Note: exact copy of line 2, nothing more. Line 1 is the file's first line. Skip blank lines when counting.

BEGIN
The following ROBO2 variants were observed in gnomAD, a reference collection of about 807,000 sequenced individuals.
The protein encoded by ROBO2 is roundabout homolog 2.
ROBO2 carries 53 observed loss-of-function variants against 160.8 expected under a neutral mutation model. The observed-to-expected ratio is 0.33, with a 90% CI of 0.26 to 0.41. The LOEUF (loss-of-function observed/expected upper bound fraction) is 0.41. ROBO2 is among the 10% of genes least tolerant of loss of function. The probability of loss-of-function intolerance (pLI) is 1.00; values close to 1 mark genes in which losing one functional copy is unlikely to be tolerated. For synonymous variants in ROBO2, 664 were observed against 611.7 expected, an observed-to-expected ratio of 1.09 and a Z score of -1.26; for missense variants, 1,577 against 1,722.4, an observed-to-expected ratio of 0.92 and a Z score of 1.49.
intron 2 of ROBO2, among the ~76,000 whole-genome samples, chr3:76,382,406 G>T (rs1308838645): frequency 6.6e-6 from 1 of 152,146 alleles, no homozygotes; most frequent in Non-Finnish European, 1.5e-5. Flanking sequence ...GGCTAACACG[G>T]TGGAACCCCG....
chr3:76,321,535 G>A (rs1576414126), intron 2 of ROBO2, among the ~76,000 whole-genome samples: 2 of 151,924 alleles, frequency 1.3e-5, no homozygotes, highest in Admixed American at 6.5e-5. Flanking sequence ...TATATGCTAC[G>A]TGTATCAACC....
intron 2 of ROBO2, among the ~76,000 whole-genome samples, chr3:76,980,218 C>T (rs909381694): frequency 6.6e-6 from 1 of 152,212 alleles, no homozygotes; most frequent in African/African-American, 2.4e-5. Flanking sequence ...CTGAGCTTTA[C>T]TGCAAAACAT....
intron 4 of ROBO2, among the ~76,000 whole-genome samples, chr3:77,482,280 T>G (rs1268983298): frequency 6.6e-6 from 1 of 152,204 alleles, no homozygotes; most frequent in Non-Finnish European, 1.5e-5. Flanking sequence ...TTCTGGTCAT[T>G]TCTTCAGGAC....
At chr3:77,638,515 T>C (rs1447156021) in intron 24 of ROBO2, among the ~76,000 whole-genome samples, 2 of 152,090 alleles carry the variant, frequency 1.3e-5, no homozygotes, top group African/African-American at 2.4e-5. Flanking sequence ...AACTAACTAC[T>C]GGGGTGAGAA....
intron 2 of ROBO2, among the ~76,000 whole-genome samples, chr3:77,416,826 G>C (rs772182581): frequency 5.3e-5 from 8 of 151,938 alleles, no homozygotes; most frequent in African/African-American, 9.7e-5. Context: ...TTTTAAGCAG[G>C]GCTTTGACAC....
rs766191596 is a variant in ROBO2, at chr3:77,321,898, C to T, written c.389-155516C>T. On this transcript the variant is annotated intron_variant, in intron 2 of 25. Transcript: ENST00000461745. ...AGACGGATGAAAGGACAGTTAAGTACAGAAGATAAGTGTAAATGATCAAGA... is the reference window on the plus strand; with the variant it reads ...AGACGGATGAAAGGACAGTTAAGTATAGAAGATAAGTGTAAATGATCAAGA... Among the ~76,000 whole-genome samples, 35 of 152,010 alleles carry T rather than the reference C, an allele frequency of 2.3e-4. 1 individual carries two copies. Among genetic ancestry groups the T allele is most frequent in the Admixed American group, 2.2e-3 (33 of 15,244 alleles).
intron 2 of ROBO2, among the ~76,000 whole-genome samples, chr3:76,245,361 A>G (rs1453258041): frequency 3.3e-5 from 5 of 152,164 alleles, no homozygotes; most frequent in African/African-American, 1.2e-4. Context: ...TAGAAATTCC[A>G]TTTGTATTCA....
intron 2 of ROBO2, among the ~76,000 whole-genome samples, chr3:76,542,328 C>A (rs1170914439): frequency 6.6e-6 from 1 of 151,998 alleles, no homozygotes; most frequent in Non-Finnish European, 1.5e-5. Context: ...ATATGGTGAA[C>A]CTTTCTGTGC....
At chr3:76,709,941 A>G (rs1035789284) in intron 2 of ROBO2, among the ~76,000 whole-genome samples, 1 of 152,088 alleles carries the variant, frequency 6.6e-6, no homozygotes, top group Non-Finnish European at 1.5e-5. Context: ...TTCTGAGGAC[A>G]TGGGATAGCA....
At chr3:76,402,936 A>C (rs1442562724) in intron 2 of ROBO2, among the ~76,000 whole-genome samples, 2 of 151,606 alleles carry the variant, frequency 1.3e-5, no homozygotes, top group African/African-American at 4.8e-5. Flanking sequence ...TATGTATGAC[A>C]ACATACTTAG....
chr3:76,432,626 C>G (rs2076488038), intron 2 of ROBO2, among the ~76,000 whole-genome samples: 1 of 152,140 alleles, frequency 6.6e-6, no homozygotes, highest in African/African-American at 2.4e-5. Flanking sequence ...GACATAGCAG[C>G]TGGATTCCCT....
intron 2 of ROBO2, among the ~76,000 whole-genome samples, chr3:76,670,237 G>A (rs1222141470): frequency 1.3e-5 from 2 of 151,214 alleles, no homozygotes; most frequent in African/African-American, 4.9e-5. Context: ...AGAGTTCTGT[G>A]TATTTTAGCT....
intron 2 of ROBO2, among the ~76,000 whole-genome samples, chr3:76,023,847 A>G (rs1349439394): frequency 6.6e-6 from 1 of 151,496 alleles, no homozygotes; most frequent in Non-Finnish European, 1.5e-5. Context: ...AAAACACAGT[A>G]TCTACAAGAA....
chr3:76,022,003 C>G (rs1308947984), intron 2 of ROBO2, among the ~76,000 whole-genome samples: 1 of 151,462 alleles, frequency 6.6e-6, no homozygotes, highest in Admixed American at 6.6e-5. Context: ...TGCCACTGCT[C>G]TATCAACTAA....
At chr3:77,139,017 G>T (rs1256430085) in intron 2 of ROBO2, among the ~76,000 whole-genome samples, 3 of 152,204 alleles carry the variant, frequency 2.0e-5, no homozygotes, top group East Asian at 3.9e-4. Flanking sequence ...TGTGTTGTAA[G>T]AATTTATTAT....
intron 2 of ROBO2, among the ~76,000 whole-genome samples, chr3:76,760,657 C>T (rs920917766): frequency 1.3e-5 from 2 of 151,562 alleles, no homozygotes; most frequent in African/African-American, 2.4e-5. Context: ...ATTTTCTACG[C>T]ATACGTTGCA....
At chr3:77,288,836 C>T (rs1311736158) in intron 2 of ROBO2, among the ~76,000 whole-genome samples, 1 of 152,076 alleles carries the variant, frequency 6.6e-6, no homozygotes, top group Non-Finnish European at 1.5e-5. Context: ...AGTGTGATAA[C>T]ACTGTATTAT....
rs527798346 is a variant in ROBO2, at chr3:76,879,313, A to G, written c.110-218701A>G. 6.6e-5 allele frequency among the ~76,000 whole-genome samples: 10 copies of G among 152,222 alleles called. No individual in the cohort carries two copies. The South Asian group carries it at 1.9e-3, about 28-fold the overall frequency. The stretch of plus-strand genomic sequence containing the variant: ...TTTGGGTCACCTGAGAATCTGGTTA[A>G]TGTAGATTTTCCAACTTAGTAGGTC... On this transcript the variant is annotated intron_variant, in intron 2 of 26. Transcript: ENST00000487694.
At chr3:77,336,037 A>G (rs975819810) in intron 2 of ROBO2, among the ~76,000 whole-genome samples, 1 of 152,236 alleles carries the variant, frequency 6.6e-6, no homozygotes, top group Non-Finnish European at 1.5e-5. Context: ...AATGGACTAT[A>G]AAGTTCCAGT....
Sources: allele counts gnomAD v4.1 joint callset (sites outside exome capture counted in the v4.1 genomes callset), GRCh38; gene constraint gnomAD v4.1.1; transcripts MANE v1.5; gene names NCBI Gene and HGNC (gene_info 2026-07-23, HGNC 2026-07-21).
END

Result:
The protein encoded by ROBO2 is roundabout homolog 2.